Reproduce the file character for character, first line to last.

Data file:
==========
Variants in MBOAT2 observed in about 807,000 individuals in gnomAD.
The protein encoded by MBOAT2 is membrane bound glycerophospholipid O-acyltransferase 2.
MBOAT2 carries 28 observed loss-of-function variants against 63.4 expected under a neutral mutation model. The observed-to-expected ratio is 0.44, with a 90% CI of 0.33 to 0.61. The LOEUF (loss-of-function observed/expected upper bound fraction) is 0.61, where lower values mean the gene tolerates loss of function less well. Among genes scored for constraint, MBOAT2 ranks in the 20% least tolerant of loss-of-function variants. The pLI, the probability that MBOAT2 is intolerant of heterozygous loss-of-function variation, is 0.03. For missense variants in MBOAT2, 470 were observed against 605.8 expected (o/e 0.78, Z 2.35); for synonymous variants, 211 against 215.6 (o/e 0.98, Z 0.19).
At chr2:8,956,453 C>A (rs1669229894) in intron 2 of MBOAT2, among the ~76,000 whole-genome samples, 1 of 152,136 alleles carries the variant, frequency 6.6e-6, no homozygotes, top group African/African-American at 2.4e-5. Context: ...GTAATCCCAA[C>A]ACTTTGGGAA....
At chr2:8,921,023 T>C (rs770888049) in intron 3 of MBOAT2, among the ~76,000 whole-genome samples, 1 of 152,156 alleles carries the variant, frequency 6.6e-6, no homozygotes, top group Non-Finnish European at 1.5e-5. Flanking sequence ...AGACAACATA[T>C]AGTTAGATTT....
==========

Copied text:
Variants in MBOAT2 observed in about 807,000 individuals in gnomAD.
The protein encoded by MBOAT2 is membrane bound glycerophospholipid O-acyltransferase 2.
MBOAT2 carries 28 observed loss-of-function variants against 63.4 expected under a neutral mutation model. The observed-to-expected ratio is 0.44, with a 90% CI of 0.33 to 0.61. The LOEUF (loss-of-function observed/expected upper bound fraction) is 0.61, where lower values mean the gene tolerates loss of function less well. Among genes scored for constraint, MBOAT2 ranks in the 20% least tolerant of loss-of-function variants. The pLI, the probability that MBOAT2 is intolerant of heterozygous loss-of-function variation, is 0.03. For missense variants in MBOAT2, 470 were observed against 605.8 expected (o/e 0.78, Z 2.35); for synonymous variants, 211 against 215.6 (o/e 0.98, Z 0.19).
At chr2:8,956,453 C>A (rs1669229894) in intron 2 of MBOAT2, among the ~76,000 whole-genome samples, 1 of 152,136 alleles carries the variant, frequency 6.6e-6, no homozygotes, top group African/African-American at 2.4e-5. Context: ...GTAATCCCAA[C>A]ACTTTGGGAA....
At chr2:8,921,023 T>C (rs770888049) in intron 3 of MBOAT2, among the ~76,000 whole-genome samples, 1 of 152,156 alleles carries the variant, frequency 6.6e-6, no homozygotes, top group Non-Finnish European at 1.5e-5. Flanking sequence ...AGACAACATA[T>C]AGTTAGATTT....